Before attempting to terminate the rights of a biological parent as a stepparent, it’s important that they consult their local court regarding any procedural differences among states and receive legal assistance.

Such advice and assistance can ensure the best interests of the child are served by considering all available options.

Termination of the Biological Parent’s Rights

Terminating the biological parent’s rights is an essential component of stepparent adoption. This process legally severs the legal relationship between the biological parent and the child, thus providing the stepparent with full parenting authority.

The rights of the biological parent can be terminated in one of two ways in the majority of states:

  • Voluntary Termination is when a biological parent agrees to give up their rights to the child by signing a consent form, usually done in conjunction with a stepparent submitting the adoption petition.
  • In cases where the biological parent does not consent to the adoption, or if the stepparent and the biological parent have a complicated relationship, involuntary termination can be ordered by a court to end the rights of the biological parent. This may include being found an unfit parent, abandoning their child, or failing to meet parental responsibilities. A motion to terminate parental rights will then be presented to provide guidance on what is in the best interest of the child.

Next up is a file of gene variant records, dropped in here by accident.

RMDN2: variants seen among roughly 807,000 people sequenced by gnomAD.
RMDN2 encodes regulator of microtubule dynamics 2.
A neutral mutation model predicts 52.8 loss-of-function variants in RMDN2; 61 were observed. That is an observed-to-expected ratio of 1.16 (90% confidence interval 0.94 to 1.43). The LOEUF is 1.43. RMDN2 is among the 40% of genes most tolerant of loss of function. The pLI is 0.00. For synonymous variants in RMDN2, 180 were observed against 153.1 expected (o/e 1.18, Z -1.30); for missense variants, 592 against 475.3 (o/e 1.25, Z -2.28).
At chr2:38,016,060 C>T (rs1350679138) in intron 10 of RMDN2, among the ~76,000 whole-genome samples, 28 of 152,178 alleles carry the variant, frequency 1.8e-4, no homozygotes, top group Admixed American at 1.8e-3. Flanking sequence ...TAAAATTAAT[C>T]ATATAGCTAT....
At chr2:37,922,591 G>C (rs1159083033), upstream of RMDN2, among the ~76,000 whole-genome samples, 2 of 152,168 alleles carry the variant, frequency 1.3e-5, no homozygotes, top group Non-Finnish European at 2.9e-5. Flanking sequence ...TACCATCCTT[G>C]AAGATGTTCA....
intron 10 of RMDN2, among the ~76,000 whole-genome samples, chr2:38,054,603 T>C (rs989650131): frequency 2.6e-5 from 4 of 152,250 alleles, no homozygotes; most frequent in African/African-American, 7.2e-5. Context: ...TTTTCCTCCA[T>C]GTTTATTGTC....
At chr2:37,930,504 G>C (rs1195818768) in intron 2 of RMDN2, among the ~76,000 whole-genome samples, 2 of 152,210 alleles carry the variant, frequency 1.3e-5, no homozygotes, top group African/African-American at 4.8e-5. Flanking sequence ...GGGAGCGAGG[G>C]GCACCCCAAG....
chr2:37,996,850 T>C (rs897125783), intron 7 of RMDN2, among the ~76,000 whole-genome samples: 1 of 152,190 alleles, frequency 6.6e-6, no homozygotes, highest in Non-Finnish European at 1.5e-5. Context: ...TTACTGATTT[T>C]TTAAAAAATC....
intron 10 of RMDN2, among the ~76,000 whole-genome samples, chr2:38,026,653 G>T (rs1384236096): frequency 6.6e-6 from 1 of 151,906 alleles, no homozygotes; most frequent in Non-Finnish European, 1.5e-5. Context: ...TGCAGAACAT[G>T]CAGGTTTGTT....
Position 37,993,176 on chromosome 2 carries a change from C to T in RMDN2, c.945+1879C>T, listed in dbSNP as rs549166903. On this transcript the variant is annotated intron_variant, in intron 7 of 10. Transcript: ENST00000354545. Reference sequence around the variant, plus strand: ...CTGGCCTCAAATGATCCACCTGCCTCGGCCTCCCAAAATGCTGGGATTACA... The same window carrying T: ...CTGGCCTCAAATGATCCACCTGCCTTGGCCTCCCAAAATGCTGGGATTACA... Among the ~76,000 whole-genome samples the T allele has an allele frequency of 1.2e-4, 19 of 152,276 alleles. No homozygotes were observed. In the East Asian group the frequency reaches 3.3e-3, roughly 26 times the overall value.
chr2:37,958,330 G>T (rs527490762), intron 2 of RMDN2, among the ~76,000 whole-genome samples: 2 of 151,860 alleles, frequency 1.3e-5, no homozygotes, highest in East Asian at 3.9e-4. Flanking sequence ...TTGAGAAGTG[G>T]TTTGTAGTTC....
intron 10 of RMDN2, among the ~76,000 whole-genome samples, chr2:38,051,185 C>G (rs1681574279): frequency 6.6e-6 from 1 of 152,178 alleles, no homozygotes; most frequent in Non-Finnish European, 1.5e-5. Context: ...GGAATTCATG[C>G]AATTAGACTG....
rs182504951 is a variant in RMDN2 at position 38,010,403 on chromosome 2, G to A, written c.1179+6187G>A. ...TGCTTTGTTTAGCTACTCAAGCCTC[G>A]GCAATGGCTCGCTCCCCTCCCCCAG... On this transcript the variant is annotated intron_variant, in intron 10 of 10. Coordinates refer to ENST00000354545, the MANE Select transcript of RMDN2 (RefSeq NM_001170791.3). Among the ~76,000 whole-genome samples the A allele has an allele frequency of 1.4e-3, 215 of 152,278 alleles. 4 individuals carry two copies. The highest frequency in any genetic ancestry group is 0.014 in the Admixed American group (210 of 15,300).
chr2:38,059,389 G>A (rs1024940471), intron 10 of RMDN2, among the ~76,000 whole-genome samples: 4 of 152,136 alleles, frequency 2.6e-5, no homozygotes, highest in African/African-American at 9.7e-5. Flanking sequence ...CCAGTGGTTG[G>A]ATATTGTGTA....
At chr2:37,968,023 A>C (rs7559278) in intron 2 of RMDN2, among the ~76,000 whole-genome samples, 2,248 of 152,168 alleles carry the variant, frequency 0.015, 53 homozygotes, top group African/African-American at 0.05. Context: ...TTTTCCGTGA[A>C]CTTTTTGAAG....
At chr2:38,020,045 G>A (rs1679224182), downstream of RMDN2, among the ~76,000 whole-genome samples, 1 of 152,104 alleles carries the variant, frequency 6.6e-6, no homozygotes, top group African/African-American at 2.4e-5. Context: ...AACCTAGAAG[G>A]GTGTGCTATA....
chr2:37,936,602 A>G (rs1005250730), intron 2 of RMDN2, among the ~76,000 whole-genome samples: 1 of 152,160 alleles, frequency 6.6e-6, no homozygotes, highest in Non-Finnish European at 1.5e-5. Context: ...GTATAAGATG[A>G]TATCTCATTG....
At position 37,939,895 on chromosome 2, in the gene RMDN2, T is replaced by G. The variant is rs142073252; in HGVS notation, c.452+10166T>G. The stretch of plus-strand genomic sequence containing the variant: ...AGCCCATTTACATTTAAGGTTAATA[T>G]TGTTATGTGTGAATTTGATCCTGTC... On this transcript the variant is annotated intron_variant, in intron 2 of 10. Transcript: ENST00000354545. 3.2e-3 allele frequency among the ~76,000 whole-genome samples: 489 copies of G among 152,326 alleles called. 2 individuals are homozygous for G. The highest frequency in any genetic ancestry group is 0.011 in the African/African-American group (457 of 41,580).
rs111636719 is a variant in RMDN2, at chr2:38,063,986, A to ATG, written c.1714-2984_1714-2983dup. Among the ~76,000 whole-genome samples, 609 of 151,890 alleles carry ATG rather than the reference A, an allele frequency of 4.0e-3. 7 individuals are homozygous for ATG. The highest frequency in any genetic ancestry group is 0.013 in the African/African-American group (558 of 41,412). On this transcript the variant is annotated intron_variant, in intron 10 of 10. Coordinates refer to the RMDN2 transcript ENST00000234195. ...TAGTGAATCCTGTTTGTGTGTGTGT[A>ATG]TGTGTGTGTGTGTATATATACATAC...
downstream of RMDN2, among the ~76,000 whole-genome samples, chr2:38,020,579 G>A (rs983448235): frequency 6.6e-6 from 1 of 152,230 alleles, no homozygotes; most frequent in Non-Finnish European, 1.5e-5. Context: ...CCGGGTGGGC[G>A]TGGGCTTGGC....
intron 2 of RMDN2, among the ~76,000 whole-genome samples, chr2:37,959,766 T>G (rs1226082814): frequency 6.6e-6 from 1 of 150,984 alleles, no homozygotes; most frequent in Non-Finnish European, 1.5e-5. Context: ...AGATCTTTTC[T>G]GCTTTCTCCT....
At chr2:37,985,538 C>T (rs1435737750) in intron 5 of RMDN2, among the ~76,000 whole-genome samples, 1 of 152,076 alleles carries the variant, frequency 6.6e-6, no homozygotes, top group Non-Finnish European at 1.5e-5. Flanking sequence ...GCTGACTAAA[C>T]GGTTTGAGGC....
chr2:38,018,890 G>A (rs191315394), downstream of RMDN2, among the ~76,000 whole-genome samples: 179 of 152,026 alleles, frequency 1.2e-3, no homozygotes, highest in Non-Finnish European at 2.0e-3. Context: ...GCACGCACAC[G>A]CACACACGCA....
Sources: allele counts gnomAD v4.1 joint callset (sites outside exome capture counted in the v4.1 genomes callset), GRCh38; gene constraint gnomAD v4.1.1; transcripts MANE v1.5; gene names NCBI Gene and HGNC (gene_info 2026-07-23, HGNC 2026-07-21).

After the biological parent’s rights are terminated, the stepparent becomes the legal parent of the child, bearing all of the same rights and responsibilities as a biological parent.

It is essential to understand that the process of removing a biological parent’s legal responsibility may be different from state to state and the stepparent should look into the local court guidelines for more information.

Moreover, it is essential that the stepparent seek advice from a lawyer to ensure they get legal assistance throughout their process.

Finalization of the Adoption

The finalization of the stepparent adoption process requires a court hearing where the judge reviews the adoption petition, home study, and any other supporting documentation.

This court hearing approves the legal parentage of the stepparent over the child, which provides them full parental rights and responsibilities.

At the end of the adoption process, the judge will assess testimony from the stepparent, child, and anyone else included in the case.

They will evaluate the adoption petition, and home study to see that the adoption provides the best possible outcome for the child.

Once satisfied with their findings, the judge will finalize an adoption order that makes the stepparent a legal parent of said child.